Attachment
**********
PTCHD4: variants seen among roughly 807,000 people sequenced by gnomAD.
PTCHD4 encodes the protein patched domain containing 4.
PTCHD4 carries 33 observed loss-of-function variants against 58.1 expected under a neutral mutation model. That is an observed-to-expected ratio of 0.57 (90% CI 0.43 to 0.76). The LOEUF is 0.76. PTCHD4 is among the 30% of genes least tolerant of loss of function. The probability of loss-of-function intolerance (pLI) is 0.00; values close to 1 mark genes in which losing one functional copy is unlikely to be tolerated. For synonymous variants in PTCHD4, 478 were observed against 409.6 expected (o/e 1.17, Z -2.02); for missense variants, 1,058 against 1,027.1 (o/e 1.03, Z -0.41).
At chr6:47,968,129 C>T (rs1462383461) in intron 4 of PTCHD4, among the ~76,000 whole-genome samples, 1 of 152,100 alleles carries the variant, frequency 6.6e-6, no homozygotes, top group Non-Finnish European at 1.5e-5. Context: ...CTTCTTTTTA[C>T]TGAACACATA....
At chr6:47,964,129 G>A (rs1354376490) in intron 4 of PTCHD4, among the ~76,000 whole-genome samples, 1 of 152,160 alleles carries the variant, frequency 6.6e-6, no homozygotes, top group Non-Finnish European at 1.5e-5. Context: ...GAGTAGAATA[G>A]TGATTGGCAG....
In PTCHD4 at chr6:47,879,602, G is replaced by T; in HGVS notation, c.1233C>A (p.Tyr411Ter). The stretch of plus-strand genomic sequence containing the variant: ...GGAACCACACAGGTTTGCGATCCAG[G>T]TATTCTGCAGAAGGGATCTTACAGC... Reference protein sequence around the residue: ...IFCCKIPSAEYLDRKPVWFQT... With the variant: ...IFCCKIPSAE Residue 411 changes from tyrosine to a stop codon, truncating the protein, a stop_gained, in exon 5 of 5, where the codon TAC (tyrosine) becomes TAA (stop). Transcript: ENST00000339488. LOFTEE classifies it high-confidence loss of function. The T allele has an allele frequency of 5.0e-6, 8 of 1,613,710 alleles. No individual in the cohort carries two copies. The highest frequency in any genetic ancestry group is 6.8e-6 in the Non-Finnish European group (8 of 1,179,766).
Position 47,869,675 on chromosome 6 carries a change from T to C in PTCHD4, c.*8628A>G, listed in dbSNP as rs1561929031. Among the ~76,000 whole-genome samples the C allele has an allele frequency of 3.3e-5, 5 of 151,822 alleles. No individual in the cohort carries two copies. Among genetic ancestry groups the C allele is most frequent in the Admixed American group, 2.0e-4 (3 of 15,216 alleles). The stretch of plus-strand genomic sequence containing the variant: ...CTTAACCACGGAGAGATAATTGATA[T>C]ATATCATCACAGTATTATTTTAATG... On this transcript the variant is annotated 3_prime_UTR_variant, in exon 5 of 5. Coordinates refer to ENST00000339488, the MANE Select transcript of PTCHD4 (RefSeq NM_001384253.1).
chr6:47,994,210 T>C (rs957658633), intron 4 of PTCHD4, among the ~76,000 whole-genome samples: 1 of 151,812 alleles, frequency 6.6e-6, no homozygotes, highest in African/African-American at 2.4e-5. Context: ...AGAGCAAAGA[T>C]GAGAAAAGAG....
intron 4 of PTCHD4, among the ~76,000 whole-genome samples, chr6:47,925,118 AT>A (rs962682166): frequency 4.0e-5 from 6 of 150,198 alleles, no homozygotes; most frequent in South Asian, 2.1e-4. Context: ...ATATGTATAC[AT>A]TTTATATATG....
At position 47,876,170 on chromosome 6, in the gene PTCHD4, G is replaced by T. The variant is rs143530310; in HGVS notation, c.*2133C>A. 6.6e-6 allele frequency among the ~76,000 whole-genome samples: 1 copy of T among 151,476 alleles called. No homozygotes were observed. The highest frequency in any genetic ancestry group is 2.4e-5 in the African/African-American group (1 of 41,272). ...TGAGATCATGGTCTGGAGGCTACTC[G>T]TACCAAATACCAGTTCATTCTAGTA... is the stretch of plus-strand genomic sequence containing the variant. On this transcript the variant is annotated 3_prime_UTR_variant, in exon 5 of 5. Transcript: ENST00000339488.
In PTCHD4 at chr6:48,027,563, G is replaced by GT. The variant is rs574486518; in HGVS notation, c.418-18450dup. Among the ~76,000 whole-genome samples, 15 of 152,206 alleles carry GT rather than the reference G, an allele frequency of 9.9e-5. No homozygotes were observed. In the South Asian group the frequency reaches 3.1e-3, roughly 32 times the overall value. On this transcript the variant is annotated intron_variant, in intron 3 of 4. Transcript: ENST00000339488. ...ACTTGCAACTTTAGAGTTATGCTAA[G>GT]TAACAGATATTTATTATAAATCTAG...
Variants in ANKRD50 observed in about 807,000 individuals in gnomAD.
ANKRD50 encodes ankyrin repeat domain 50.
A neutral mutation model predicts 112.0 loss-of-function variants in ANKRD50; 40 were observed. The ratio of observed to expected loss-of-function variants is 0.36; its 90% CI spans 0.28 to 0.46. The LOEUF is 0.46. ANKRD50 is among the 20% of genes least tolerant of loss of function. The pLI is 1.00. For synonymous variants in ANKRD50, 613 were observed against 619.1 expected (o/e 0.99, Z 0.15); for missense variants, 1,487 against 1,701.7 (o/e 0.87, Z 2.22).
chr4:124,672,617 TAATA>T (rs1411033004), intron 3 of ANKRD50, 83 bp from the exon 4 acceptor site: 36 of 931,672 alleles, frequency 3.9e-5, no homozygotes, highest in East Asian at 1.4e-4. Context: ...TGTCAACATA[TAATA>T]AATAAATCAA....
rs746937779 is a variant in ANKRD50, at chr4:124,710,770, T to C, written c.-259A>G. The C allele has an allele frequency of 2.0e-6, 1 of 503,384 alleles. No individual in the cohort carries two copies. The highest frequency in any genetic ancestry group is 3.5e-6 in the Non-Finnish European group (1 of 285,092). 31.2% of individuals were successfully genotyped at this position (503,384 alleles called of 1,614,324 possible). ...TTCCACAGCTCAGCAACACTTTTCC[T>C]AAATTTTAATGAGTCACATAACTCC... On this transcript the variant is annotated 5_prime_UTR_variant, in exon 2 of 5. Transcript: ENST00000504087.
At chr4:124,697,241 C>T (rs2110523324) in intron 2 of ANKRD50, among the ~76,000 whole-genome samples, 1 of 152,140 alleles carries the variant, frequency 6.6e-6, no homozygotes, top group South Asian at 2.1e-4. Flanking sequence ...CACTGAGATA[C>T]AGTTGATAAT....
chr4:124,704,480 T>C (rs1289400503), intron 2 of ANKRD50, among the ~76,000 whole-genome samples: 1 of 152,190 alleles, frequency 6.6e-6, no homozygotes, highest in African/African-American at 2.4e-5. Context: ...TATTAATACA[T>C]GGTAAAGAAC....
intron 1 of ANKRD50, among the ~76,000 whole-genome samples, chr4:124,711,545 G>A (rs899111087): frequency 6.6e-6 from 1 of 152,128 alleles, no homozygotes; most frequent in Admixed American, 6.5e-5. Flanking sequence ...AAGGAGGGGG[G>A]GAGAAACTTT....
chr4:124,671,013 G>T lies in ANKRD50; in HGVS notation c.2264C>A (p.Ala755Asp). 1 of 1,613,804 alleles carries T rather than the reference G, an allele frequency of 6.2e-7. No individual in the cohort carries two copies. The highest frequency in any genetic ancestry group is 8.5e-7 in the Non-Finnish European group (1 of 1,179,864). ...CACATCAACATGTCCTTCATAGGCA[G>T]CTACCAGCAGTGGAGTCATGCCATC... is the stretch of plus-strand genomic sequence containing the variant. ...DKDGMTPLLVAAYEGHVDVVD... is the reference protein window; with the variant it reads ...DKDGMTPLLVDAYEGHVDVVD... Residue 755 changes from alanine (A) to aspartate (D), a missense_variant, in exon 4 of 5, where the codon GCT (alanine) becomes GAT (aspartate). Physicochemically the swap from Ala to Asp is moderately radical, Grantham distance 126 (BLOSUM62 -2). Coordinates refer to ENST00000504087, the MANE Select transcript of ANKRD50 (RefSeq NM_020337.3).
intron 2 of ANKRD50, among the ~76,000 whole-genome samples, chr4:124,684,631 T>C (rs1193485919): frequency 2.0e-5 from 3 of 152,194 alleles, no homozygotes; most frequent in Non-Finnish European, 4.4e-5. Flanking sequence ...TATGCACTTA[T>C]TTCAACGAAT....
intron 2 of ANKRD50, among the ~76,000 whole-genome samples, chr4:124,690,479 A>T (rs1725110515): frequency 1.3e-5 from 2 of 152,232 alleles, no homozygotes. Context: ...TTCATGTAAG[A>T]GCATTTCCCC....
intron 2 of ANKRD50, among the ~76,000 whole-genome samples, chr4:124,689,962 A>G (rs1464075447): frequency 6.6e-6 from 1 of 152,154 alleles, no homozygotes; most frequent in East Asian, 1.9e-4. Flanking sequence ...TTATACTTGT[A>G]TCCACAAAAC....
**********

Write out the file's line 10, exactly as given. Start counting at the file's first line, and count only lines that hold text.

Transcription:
At position 47,876,170 on chromosome 6, in the gene PTCHD4, G is replaced by T. The variant is rs143530310; in HGVS notation, c.*2133C>A. 6.6e-6 allele frequency among the ~76,000 whole-genome samples: 1 copy of T among 151,476 alleles called. No homozygotes were observed. The highest frequency in any genetic ancestry group is 2.4e-5 in the African/African-American group (1 of 41,272). ...TGAGATCATGGTCTGGAGGCTACTC[G>T]TACCAAATACCAGTTCATTCTAGTA... is the stretch of plus-strand genomic sequence containing the variant. On this transcript the variant is annotated 3_prime_UTR_variant, in exon 5 of 5. Transcript: ENST00000339488.